I have always found it weird when in a crypto discussion people stressed the importance of making algorithms runtime-deterministic, to the point of avoiding any compiler optimisations.
To me, it seems that it's from the start futile to try and completely avoid side-channel information leaking out. Even if an algorithm always takes the exact same number of processor cycles: the processor is ultimately a coupled bunch of wires, and any signal passing through anywhere will inevitably couple to output connectors in form of clock jitter, power-supply sag etc.
The real question seems to be not whether information leaks out, but whether the secret pieces information will be possible to reconstruct. Granted, minimising leakage does always make this more difficult, but it is only one factor. In isolation, even a very small signal can be analysed.
Physically speaking, the crucial quantity is the signal to noise ratio: if a little bit of signal comes out on a given channel but also a whole lot of random noise, and you have no a-priori way of telling them apart, then extraction of the secret becomes exponentially inefficient.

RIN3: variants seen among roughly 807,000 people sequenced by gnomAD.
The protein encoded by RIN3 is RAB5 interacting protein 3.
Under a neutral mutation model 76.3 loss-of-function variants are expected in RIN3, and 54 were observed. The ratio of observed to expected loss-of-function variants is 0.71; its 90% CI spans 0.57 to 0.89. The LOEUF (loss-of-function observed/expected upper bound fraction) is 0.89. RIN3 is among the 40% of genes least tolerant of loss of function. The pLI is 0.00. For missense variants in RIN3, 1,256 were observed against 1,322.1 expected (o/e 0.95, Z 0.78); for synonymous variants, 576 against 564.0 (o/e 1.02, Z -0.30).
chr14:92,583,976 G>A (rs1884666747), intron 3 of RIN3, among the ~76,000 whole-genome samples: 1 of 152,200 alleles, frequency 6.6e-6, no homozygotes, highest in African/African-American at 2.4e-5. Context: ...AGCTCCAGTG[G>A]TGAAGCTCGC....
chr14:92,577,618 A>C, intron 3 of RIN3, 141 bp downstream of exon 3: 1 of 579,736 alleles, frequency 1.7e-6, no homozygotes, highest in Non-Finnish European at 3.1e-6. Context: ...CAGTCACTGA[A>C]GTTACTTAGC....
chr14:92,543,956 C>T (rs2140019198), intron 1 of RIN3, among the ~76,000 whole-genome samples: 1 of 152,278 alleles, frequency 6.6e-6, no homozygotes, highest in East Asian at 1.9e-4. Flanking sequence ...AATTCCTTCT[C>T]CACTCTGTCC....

In particular for timing attacks, I think it would be a much better approach to not try and make the timing completely deterministic, but instead to make it deliberately completely nondeterministic. The simplest way would be to let the processor randomly intersperse the crypto calculation with nonsense boilerplate instructions (ideally, triggered right at the hardware level with a shot-noise source). The attacks I've read about seem rather delicate and would fail even if only part of the attacker's timings were foiled.
More sophisticated schemes might instead randomise order of instructions, or quickly multitask between many unrelated computations.
All such methods would incur some performance penalty, but it would likely be offset if we were again able to optimise our code without reservations. And we would be safer than with the approach of trying to eliminate any side-channels from forming in the first place. Processors are so complex that there will always side-channels that weren't discovered, but the connections to the outside are better to oversee. If without exception all connections to the outside are thoroughly jammed, it doesn't matter what side-channels are open inside because only the public signal is strong enough to stand out over the noise floor.
What am I missing? Are these just my thoughts as a physicist and inapplicable to cryptography for some reason?